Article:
Male house sparrows (Passer domesticus) are hierarchical, according to Nicholas Lund on the Audubon.org website. The hierarchy depends on the size of the black patch on the breasts of male house sparrows. Breeding male house sparrows have larger black chest badges than non-breeding males. Other hierarchal factors in males include the color of their bills and the size of their white wing patches. Chest badge size correlates closely with fighting ability as well as age. High-ranking males tend to eat at safer food sites and have bigger and better breeding territories. The male house sparrow at left above is developing his black breast patch while the male in the photo at right above shows very little black chest. Non-breeding male house sparrows can be identified as those without the chest badge. The bird in the middle is a female house sparrow.
Female house sparrows are rather plain little brown birds with solid grey chests and a cute buff-colored eyebrow stripe. They tend to choose males with the best food sites and breeding territories, which are of course the males with the biggest chest badges. How handy. According to Lund, female house sparrows can be aggressive during certain seasons, presumably breeding seasons. Around the feeders, they seem to me like busy little housewives, always in company with males. I’ve never seen one chased away from the feeders.
Female house finches are also little brown birds but can be distinguished from female house sparrows by their lack of an eyebrow stripe and by the heavy tan-and-brown streaks on their chests, as opposed to the solid grey chests of female house sparrows. Hope you got that confusing tidbit straight. Female house finches vs. female house sparrows.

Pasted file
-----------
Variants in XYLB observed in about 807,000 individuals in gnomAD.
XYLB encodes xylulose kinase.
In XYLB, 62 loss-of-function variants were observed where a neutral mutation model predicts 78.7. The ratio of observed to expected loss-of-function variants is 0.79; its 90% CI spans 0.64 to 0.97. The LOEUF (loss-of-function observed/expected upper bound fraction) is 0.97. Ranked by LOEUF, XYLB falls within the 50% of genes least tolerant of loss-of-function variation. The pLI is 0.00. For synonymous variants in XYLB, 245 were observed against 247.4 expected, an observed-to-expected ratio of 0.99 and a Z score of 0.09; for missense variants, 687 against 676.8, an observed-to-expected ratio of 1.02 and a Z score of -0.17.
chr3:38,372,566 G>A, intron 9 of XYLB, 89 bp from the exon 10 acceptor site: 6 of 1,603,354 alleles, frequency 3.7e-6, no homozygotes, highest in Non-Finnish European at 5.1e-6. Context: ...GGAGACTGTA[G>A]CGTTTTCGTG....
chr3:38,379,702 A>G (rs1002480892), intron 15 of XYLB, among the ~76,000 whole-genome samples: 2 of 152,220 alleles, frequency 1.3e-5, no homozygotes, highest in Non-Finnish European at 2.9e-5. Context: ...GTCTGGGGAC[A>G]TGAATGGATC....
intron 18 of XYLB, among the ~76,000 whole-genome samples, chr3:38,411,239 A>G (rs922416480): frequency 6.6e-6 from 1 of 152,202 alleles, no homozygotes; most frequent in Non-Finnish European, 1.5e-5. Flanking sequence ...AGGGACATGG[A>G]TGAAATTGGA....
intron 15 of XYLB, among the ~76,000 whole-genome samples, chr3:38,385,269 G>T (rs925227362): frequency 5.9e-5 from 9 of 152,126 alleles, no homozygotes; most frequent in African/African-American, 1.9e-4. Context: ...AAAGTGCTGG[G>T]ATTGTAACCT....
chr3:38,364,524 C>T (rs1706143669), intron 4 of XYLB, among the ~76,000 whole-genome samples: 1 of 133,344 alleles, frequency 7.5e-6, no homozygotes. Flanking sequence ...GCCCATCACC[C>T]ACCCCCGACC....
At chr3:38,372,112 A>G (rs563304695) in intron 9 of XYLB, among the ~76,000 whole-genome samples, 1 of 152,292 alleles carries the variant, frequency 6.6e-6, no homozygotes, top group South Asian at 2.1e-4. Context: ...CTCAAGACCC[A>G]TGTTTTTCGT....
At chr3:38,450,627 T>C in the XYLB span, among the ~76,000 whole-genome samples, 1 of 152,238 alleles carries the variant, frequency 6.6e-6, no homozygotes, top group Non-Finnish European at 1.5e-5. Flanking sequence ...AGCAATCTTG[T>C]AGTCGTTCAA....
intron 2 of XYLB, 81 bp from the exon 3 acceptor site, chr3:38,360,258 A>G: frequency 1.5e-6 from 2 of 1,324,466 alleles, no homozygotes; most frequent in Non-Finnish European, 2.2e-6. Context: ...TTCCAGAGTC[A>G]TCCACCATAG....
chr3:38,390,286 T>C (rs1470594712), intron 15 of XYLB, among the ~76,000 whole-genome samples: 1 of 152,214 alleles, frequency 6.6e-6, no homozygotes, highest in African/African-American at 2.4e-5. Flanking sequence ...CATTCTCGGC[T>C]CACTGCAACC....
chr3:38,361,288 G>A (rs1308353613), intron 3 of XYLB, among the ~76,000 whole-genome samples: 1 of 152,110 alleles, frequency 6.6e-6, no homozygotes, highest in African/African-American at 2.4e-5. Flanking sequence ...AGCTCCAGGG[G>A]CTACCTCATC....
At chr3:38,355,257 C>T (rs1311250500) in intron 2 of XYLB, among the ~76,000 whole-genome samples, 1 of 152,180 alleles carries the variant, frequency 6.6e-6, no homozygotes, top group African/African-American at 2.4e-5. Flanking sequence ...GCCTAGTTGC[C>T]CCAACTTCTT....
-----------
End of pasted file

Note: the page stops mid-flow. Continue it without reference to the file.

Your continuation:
According to Audubon.org, house sparrows are Old World Sparrows that were introduced into New York City in 1851. Some sources say they were part of the fanciful notion to introduce all Shakespearian birds into the U.S. Maybe that’s an urban myth. House sparrows aren’t native. They can be aggressive. They’ve been known to take over nests of native species, such as bluebirds.
House sparrows are like garden weeds. They thrive in disturbed spaces. Neither house sparrows nor garden weeds are found in undisturbed spaces–forests, prairies, deserts. They follow civilization and thrive wherever development occurs. Since 1851, house sparrows have followed people to all corners of North America, excepting Alaska and northern Canada. They are urban birds, although they also can be found around farm buildings in rural areas. They seem to be everywhere people have built structures, and they are often resented by bird lovers.
There isn’t anything lovable about the looks of a breeding male. The males in the photos above seem to be transitioning from non-breeding to breeding males, as is evident from the developing black breast patches. I get annoyed with them when they are hogging space at the feeders, particularly when I know that black-capped chickadees or tufted titmice are waiting their turn in the nearby magnolia tree, and the dratted male house sparrows are lolling about at the feeders, not even bothering to eat for minutes at a time. I mean, just look at them in the photos above. So annoying.
That said, I have to admit I’ve also taken photos of house sparrows sharing feeder space with other birds. In the photos above, they are peaceably co-existing with house finches, a red-bellied woodpecker, and a dark-eyed junco. At least for the moment.
It’s also true that I get caught up in the narrative of house sparrow patriarchy–the stodgy old male sparrows, the smart little females. I’m watching to see the black breast patches on male house sparrows develop as breeding season approaches.
Those rotten old male house sparrows just better leave the black-capped chickadees alone. That’s all I will say about that.